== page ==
SAN FRANCISCO (GenomeWeb News) – The 32nd Annual JP Morgan Healthcare Conference concluded here Thursday with presentations from several life science tools and diagnostic firms.
The following are capsules from the presentations and breakout sessions of Affymetrix, Exact Sciences, and Fluidigm.
A week after pre-announcing fourth quarter revenues of $91 million, an 8 percent year over year increase, Affymetrix President and CEO Frank Witney said at the conference Thursday that the firm is aiming for revenues of $335 million for FY 2014, up from an estimated $329 million for FY 2013.
He declined to provide a breakdown of the revenues for 2013 but noted continual growth of its CytoScan products for clinical cytogenetics. Witney noted that CytoScan sales were up 35 percent through the first three quarters of the year, as the firm awaits a decision from the US Food and Drug Administration on a 510(k) submission for CytoScan that was filed in February 2013.
He said that the Affy's installed base for CytoScan in the post-natal market grew 40 percent in 2013. Longer term, Witney said the firm would look to expand its cytogenetics business in cancer and reproductive health.
Affy officials said that the company has been taking market share from Agilent in the cytogenetics market, with Affy COO Andy Last adding, "Momentum is in our favor."
Witney also cited a growing interest in the company's Axiom genotyping products on the part of pharma partners. During a Q&A session following the presentation, Last said pharma partners have become more interested in the firm's high-throughput genotyping systems as prices have come down. He noted that prices have dropped to around $50 a sample from $300-$500 just a few years ago.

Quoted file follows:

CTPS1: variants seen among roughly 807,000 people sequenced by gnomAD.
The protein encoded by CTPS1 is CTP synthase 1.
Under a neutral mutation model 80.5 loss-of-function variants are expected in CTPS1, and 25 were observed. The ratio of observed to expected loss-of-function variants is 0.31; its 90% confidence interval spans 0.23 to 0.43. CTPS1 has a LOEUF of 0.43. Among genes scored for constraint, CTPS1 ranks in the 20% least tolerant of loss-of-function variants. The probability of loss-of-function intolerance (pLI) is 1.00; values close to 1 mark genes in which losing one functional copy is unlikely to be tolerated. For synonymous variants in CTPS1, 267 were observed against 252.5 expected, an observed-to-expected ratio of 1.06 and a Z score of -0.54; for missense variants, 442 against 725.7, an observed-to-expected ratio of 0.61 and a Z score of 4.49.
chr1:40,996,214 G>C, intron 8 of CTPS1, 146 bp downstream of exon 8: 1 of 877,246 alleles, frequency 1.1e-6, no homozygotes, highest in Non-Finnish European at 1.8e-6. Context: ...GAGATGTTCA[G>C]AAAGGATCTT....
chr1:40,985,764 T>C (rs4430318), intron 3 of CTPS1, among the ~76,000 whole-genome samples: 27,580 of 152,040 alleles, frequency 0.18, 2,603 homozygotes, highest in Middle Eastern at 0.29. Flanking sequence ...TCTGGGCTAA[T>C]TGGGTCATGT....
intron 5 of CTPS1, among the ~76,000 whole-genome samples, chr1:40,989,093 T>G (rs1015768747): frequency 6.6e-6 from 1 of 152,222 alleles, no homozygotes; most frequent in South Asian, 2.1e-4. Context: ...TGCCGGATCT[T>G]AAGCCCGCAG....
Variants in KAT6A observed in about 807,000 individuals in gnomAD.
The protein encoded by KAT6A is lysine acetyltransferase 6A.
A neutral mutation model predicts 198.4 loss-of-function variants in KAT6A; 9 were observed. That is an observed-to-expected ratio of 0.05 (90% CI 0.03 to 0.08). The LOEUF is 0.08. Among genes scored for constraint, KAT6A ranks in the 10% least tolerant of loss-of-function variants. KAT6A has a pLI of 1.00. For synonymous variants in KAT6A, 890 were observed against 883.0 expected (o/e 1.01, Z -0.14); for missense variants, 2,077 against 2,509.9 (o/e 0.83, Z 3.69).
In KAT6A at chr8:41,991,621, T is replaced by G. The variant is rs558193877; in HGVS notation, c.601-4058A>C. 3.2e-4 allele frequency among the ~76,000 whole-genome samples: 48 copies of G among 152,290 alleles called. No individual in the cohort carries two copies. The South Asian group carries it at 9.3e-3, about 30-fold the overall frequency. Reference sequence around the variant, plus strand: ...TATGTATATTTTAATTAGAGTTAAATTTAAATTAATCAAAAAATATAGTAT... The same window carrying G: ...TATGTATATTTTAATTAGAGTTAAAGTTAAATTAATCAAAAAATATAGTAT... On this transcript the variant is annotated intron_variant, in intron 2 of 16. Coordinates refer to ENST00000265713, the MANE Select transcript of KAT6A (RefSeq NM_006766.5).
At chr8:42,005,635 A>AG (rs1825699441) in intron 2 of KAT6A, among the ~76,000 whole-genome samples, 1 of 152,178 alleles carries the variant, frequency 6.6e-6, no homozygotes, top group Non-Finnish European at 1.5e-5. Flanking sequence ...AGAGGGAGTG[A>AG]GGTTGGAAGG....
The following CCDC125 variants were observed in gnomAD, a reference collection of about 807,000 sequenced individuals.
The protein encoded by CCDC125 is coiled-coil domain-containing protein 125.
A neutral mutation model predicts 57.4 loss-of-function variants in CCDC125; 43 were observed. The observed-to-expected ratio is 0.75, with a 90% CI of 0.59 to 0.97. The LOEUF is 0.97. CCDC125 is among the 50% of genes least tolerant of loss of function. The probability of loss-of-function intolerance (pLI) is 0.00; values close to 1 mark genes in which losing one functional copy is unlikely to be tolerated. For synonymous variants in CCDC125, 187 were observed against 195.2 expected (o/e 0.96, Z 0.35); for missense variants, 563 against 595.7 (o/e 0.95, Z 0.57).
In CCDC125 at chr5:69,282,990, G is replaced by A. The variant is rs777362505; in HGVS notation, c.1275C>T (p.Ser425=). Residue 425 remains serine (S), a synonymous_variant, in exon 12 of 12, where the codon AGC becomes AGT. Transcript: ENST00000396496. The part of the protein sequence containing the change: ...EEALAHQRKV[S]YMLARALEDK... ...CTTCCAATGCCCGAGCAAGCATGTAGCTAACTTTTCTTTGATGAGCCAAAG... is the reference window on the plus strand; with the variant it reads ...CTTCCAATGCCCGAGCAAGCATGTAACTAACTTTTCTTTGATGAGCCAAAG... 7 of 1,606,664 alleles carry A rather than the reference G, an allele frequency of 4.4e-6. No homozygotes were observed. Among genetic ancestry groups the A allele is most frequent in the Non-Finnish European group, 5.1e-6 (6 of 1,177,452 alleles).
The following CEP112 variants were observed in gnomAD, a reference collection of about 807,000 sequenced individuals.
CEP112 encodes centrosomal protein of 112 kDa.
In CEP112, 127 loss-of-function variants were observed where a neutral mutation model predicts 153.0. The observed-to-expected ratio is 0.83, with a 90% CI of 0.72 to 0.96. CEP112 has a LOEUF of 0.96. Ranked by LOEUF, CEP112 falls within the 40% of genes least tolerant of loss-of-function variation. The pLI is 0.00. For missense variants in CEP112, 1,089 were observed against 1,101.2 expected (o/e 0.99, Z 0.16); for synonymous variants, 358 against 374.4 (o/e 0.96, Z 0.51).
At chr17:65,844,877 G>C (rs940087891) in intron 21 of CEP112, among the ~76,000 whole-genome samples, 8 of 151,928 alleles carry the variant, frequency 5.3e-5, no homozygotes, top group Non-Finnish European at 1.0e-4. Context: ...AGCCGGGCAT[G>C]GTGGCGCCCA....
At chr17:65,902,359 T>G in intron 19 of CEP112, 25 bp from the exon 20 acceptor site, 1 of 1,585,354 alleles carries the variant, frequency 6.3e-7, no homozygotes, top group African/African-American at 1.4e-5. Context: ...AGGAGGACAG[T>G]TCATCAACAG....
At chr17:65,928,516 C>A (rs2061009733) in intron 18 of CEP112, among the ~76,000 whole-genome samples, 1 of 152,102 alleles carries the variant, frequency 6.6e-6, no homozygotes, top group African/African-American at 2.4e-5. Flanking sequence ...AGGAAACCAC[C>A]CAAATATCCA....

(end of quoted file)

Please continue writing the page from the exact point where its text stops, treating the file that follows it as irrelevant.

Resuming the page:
Though company officials declined to name any of the pharma partners, Last said one of the reasons pharma partners and CROs are using the high-throughput genotyping systems is to profile their own biobanks.
Affy officials also said the firm's presence in the ag-bio sector is rapidly growing, and that market is relatively unpenetrated. Last said that Affy's products are particularly suited to the complex genomes in the ag-bio space, adding, "We've got the price point and the throughput.
The firm unveiled a variety of high-density SNP genotyping arrays this week at the Plant and Animal Genome Conference.
Affy is scheduled to report its Q4 and FY 2013 financial results on Feb. 5.
As Exact Sciences awaits a decision by the US Food and Drug Administration on its premarket approval application for its Cologuard colorectal cancer test, President and CEO Kevin Conroy mapped out the company's potential commercialization strategy.
The focus will be on doctors it has identified as high prescribers of colonoscopies and fecal immunochemical testing, as well as on large healthcare systems.
Exact Sciences has identified 5,000 doctors that are responsible for approximately 2 million colon screening tests per year in the US. Each sales representative will be charged with converting at least 50 of these doctors from existing testing methods to Cologuard, Conroy said. Another 12-person sales team will simultaneously direct its efforts at healthcare systems.